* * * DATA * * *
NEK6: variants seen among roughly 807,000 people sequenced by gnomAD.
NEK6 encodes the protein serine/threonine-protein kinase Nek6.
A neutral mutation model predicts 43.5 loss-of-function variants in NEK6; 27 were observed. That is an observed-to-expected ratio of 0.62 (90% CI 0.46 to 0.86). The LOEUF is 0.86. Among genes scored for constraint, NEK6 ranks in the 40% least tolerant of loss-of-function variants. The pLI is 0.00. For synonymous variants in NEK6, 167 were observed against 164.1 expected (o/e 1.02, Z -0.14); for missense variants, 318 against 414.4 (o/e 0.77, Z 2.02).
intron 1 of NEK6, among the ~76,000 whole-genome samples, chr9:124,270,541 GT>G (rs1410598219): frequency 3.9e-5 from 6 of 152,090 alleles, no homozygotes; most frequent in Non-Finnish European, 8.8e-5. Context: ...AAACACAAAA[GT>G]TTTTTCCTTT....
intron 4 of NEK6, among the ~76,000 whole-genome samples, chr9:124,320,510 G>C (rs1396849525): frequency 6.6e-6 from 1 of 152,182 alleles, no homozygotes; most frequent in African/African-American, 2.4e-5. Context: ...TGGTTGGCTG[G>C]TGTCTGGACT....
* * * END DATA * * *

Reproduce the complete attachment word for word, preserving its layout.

NEK6: variants seen among roughly 807,000 people sequenced by gnomAD.
NEK6 encodes the protein serine/threonine-protein kinase Nek6.
A neutral mutation model predicts 43.5 loss-of-function variants in NEK6; 27 were observed. That is an observed-to-expected ratio of 0.62 (90% CI 0.46 to 0.86). The LOEUF is 0.86. Among genes scored for constraint, NEK6 ranks in the 40% least tolerant of loss-of-function variants. The pLI is 0.00. For synonymous variants in NEK6, 167 were observed against 164.1 expected (o/e 1.02, Z -0.14); for missense variants, 318 against 414.4 (o/e 0.77, Z 2.02).
intron 1 of NEK6, among the ~76,000 whole-genome samples, chr9:124,270,541 GT>G (rs1410598219): frequency 3.9e-5 from 6 of 152,090 alleles, no homozygotes; most frequent in Non-Finnish European, 8.8e-5. Context: ...AAACACAAAA[GT>G]TTTTTCCTTT....
intron 4 of NEK6, among the ~76,000 whole-genome samples, chr9:124,320,510 G>C (rs1396849525): frequency 6.6e-6 from 1 of 152,182 alleles, no homozygotes; most frequent in African/African-American, 2.4e-5. Context: ...TGGTTGGCTG[G>C]TGTCTGGACT....